The Latest from Freddie Bowles The Cambridge Man in Athens The Last Days LitTunes On the Road with Beau Bosko Go Crow's Cottage

Off the Snide

The Necessary Pledge.

Wednesday, October 15, 2008
Fayetteville, Arkansas

EDITORíS NOTE:  The author of this space last submitted a letter on May 1, 2008 — twenty-four weeks ago. Herein appears his confession and amends. Maybe. Yes but.

A half-year passes. Nothing. It becomes a thing slowing, a creeping thing, edging toward inertia.

But itís personal, this long silence. Everyone has their message to send, their letters to open, their tabletop to clutter with yet done tasks. I canít blame anyone.  I can't.

But I thought we had something going, you and me — a good thing, bestowing purpose. And I let it go, slip away to some mysterious place of silence.

But enough of the confession. Enough of it. Maybe.

By hook or crook....

One way or another....

Come hell or high water....

Lord williní and the creek donít rise....

Iím gonna get this one done, break the stranglehold that Mute has clamped on my letter to you. Iím gonna push it onto the platform of arcane xhtml code, tweak and polish as I go, hit the send button, watch it fly into the World Wide Web. Iím gonna get back on track.

But inertia gains anti-momentum, becomes burdened-down by friction, slides like sludge toward a place of eternal rest.

Trapped in the Land of the Non-Act.

Hereís how it happened. The long silence started when I made a promise, which became a commitment, the one I didnít keep with timeliness and diligence. When I didnít get it done, the act of not acting began to raise barricades to progress. By then I was trapped.

But letís be specific. I was preparing to write the third installment of my series about malignant violence at school, the outbursts of evil that move from place to place like a den of demons to bring tragedy on the young and the innocent.

But, already reeling, my household came under the deluge of a hundred-year psychic flood. I thought I was a strong man, tough as new nails, but against my Will I was brought to my bloody knees. Thatís all Iím gonna say about it.

(Other than it was a refining fire.)

And then I just quit. Hence the half-year of silence. What a wilderness it was.

ďArise, for this matter belongs to you,Ē Ezra the Scribe wrote. ďWe will be with you. Be of good courage, and do it.Ē

But letís be specific. Preparing for the third installment of the series on violence, I sought commentary from my pals, former students, trusted colleagues and associates. Three responded with articulate and thoughtful posts, which I stored safely as bits and bytes on the hard drive.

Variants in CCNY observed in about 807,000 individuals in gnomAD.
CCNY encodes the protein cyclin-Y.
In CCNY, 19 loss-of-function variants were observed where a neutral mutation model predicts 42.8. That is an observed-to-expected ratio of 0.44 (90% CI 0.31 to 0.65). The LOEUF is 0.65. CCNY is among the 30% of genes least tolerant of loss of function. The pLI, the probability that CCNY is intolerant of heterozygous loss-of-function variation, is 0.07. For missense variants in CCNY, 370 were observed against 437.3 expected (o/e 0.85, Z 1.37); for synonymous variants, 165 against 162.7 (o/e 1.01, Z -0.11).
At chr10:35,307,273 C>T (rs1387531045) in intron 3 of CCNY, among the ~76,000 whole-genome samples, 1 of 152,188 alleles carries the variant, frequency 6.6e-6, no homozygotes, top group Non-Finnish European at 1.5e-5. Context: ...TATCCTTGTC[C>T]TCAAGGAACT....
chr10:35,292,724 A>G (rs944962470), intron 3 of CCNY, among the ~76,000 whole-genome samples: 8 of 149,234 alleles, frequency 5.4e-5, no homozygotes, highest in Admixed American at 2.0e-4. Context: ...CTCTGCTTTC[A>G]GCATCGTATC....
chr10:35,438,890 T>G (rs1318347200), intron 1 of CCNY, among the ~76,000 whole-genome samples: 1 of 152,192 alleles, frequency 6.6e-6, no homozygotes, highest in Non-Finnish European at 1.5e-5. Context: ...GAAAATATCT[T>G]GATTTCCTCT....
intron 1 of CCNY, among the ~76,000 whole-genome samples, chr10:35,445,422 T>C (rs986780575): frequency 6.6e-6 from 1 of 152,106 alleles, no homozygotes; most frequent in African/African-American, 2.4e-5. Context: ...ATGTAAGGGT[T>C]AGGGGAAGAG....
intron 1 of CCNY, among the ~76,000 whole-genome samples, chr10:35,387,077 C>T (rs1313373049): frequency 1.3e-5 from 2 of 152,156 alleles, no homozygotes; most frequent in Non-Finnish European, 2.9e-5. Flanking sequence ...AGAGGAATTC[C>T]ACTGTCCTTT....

Months later, the posts remain in storage, unseen, not read, mired in my long stasis.

In the meantime, allowing the commentary of my sharers to gather so much heavy cyberdust, and respecting each of them for their courteous participation, and exercising bitter self-recrimination, I slipped into a private shame.

Inaction gained currency, stopped my Letter from Crowís Cottage dead in its tracks. I couldn't write any more until I wrote the one too long undone.  It was an odd and mysterious set of solitary mind games afloat in the sanctuary. I'm baffled by it even now.

But itís time to do something about it, this stopping dead in tracks. Itís time for the crow to fly.

My Bad: a Way to Say, I'm Sorry.

To my friend Tony Foster, my student Sara Boyer, and my once ago shopboy Joseph Witt, I apologize. The best I can do is follow-up with the third in the series and publish your commentary.

I thought I could go directly to it. But I need an intercession. This letter is my way of getting to the cure.

Good stuff is happening here in the sanctuary. I want to tell you about it. But to get there, I've got to follow the logical path. It sits on an x-y axis in the nearby heavenlies.

So, here goes:

At 1448 hours on 15 October 2008, I make a pledge.  To get off the snide, to move out from behind the eight-ball, I shall on Monday, five days hence, publish the third installment of our series about malignant violence at school, the outbursts of evil that move from place to place like a den of demons to bring tragedy on the young and the innocent....

Lord williní and the creek donít rise.

Repetition confirms and strengthens habit, and faith becomes natural.

CornDancer HOME
old saws
old saws
old saws
Planet Deutsch
Saturday's Guest Writer
site index
who we are

Every man's work, whether it be literature or music
or pictures
or architecture
or anything else,
is always a portrait
of himself, and the more he tries
to conceal himself
the more clearly
will his character appear in spite of him.

Samuel Butler
The Way of All Flesh, 1903

dot CornDancer Writers Letters from Cricket Song Headlong into the Zephyr Joe's Jokes Planet IEP bot dot
t dot